The region of the probe shaft adjacent to the heating winding is preferably constituted of a sleeve of copper of low oxygen content having a nickel-plated outer surface. The heating winding preferably consists of a coiled conductor of nickel-chromium alloy wire, electrically insulated by magnesium oxide insulators and encircled by a protective shell of stainless steel, the outer surface of which is soldered or brazed to the inner surface of the copper sleeve. At the forward end of the cold tip a heating insulating spacing member is preferably provided that is made of a thermally stable synthetic resin material, which may be either the same material used for the elastomeric coating or polytetrafluoroethylene (PTFE), for example. Practical experiments have shown that after a freezing operation, the freezing end of the probe can very quickly be brought up to a temperature sufficiently high for cauterization in order to cauterize the region of frozen body tissues. Since the frozen tissues, as the result of anesthesia by cold, give no indication of pain when heated to about 200.degree. C. when a cryothermic probe of the present invention is used, no supplemental general anesthesia is necessary, as for example in the case of transurethral resection. A further significant advantage of the kind of cryothermic treatment made available by the invention is that the patient is in most cases free of catheters after about four to six days, whereas in the usual cryosurgical treatment, four to six weeks are often necessary to reach that stage. The advantage of the heat insulating spacing member at the front end of the cooling tip, made of a thermally stable synthetic material, is to avoid unintended freezing and cauterizing of the bladder wall in the case of transurethral resections.
The invention is further described by way of illustrative example with reference to the annexed drawings, in which:
FIG. 1 is a diagrammatic longitudinal cross-section through a cryosurgical probe with built-in cauterizing equipment in accordance with the invention; and
FIG. 2 is a longitudinal section through a cauterizing probe according to the invention for use after the withdrawal of a cryosurgical probe that is not equipped for cauterizing; and
FIG. 3 is a detail of a preferred form of heating winding mounting for a probe according to the invention.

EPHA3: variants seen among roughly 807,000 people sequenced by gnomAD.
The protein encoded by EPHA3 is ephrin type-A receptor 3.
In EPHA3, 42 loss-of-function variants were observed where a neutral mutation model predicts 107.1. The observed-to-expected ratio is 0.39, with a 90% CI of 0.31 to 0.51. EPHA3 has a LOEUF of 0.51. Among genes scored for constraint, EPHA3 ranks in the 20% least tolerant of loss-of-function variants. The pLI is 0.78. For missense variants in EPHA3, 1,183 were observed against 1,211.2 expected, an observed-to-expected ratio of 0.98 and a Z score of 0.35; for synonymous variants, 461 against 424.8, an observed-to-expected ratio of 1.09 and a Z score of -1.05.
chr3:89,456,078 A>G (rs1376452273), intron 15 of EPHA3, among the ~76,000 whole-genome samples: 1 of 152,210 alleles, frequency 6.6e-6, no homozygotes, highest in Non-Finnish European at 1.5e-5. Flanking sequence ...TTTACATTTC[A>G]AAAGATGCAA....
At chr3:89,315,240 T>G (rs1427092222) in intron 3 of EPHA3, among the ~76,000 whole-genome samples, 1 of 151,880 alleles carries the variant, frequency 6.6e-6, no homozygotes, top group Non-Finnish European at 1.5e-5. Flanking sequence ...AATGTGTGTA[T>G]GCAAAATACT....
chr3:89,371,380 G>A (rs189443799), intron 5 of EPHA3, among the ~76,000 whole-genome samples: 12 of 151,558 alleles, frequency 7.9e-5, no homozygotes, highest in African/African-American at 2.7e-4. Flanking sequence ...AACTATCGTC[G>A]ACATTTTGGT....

In the probe shown in FIG. 1. The supply tube 1 is surrounded by two concentric polyamide tubes 11 and 12 that confine an insulating space 3 filled with normal butane. The inner polyamide tube 12 defines, together with the facing outer wall of the supply tube 1, an intermediate space 2 that serves as the removal path for the gaseous nitrogen. In order to keep the polyamide tubes apart from one another, very thin stainless steel spacers, not shown in the drawing, are arranged in the intermediate space 2.
The probe itself, as distinguished from the tubular supply and removal ducts just mentioned, comprises a heat-insulating hollow cylindrical probe shaft 6 having an outer diameter of about 8 mm. A locating protrusion 8 is provided on the outside of the probe shaft 6 at an appropriate place in order that the correct position of the probe in the prostate gland can be determined. A hollow inner section 4 determines the region corresponding to the axial length of the probe over which the tissue surrounding the cooling tip can be frozen. In order that the liquid nitrogen can be vaporized as completely as possible in the probe, at the junction of the section 4 of the probe with the internal space providing the removal path of the gaseous nitrogen a liquid barrier is provided so that there is only a relatively small outlet slit for the passage of all of the nitrogen. In the hollow section 4, furthermore, a heating winding 5 is arranged. At the forward end of the cooling tip of the probe, there is arranged in the conventional way a temperature sensor 9 to the leads 14 and 15 of which there is connected, outside the probe, a resistance thermometer for control and monitoring, not shown in the drawing.